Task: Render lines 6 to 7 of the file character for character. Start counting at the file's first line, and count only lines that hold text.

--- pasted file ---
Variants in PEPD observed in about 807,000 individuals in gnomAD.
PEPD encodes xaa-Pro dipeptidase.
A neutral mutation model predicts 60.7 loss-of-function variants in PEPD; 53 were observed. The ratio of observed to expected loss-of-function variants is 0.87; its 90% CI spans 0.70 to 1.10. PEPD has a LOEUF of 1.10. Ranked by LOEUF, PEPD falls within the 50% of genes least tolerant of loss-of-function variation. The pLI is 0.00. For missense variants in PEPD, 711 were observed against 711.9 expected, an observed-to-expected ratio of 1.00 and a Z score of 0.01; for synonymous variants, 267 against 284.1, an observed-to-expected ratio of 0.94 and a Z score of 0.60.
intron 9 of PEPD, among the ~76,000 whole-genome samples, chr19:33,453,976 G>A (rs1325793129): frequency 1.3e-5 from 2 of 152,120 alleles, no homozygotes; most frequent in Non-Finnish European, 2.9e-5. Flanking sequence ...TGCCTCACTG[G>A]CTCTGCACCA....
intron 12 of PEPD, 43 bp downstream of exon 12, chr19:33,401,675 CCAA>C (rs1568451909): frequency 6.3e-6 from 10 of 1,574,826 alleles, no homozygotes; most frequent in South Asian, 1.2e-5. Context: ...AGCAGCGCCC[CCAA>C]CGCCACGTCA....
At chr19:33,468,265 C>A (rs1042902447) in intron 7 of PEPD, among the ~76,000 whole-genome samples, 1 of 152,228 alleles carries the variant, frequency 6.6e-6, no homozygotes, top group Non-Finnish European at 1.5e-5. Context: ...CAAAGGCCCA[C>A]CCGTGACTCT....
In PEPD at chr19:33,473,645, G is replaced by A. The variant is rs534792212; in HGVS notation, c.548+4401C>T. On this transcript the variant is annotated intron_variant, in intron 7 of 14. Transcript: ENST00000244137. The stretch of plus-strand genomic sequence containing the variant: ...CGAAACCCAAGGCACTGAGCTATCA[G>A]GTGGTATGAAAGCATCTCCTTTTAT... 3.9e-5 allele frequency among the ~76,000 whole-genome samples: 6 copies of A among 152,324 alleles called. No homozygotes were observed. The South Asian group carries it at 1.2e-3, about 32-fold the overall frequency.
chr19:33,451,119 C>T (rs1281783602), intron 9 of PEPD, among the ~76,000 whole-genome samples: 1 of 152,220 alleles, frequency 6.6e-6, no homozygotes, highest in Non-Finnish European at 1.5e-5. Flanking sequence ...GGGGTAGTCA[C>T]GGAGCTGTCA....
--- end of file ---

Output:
At chr19:33,468,265 C>A (rs1042902447) in intron 7 of PEPD, among the ~76,000 whole-genome samples, 1 of 152,228 alleles carries the variant, frequency 6.6e-6, no homozygotes, top group Non-Finnish European at 1.5e-5. Context: ...CAAAGGCCCA[C>A]CCGTGACTCT....
In PEPD at chr19:33,473,645, G is replaced by A. The variant is rs534792212; in HGVS notation, c.548+4401C>T. On this transcript the variant is annotated intron_variant, in intron 7 of 14. Transcript: ENST00000244137. The stretch of plus-strand genomic sequence containing the variant: ...CGAAACCCAAGGCACTGAGCTATCA[G>A]GTGGTATGAAAGCATCTCCTTTTAT... 3.9e-5 allele frequency among the ~76,000 whole-genome samples: 6 copies of A among 152,324 alleles called. No homozygotes were observed. The South Asian group carries it at 1.2e-3, about 32-fold the overall frequency.